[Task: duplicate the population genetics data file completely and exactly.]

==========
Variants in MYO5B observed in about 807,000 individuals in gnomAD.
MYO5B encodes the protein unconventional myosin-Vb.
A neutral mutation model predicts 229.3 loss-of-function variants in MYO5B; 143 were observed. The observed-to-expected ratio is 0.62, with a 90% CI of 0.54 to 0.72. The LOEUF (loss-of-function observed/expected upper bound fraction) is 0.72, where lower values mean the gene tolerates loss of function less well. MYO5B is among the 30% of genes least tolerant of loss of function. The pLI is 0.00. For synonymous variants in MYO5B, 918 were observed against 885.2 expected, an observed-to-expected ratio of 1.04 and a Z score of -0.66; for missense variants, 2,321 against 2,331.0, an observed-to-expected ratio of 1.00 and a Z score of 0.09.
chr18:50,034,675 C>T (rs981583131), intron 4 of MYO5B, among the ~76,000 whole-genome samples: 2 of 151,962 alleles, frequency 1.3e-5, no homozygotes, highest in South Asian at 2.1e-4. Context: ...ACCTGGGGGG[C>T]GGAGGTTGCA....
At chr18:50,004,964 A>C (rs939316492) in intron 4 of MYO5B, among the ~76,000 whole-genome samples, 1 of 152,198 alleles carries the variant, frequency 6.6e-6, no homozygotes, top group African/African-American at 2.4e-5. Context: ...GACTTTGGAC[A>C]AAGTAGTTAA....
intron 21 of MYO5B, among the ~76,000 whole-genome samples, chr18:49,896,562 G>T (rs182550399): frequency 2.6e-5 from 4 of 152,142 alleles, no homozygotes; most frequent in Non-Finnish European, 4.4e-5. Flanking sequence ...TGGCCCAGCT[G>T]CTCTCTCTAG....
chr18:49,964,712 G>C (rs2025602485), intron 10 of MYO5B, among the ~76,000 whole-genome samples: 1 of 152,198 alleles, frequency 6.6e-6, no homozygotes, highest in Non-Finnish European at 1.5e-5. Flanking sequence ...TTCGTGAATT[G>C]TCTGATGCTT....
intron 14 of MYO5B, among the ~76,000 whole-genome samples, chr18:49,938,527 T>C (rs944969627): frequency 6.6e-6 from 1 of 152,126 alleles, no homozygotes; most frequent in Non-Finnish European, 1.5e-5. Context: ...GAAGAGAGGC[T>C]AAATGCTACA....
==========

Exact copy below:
Variants in MYO5B observed in about 807,000 individuals in gnomAD.
MYO5B encodes the protein unconventional myosin-Vb.
A neutral mutation model predicts 229.3 loss-of-function variants in MYO5B; 143 were observed. The observed-to-expected ratio is 0.62, with a 90% CI of 0.54 to 0.72. The LOEUF (loss-of-function observed/expected upper bound fraction) is 0.72, where lower values mean the gene tolerates loss of function less well. MYO5B is among the 30% of genes least tolerant of loss of function. The pLI is 0.00. For synonymous variants in MYO5B, 918 were observed against 885.2 expected, an observed-to-expected ratio of 1.04 and a Z score of -0.66; for missense variants, 2,321 against 2,331.0, an observed-to-expected ratio of 1.00 and a Z score of 0.09.
chr18:50,034,675 C>T (rs981583131), intron 4 of MYO5B, among the ~76,000 whole-genome samples: 2 of 151,962 alleles, frequency 1.3e-5, no homozygotes, highest in South Asian at 2.1e-4. Context: ...ACCTGGGGGG[C>T]GGAGGTTGCA....
At chr18:50,004,964 A>C (rs939316492) in intron 4 of MYO5B, among the ~76,000 whole-genome samples, 1 of 152,198 alleles carries the variant, frequency 6.6e-6, no homozygotes, top group African/African-American at 2.4e-5. Context: ...GACTTTGGAC[A>C]AAGTAGTTAA....
intron 21 of MYO5B, among the ~76,000 whole-genome samples, chr18:49,896,562 G>T (rs182550399): frequency 2.6e-5 from 4 of 152,142 alleles, no homozygotes; most frequent in Non-Finnish European, 4.4e-5. Flanking sequence ...TGGCCCAGCT[G>T]CTCTCTCTAG....
chr18:49,964,712 G>C (rs2025602485), intron 10 of MYO5B, among the ~76,000 whole-genome samples: 1 of 152,198 alleles, frequency 6.6e-6, no homozygotes, highest in Non-Finnish European at 1.5e-5. Flanking sequence ...TTCGTGAATT[G>C]TCTGATGCTT....
intron 14 of MYO5B, among the ~76,000 whole-genome samples, chr18:49,938,527 T>C (rs944969627): frequency 6.6e-6 from 1 of 152,126 alleles, no homozygotes; most frequent in Non-Finnish European, 1.5e-5. Context: ...GAAGAGAGGC[T>C]AAATGCTACA....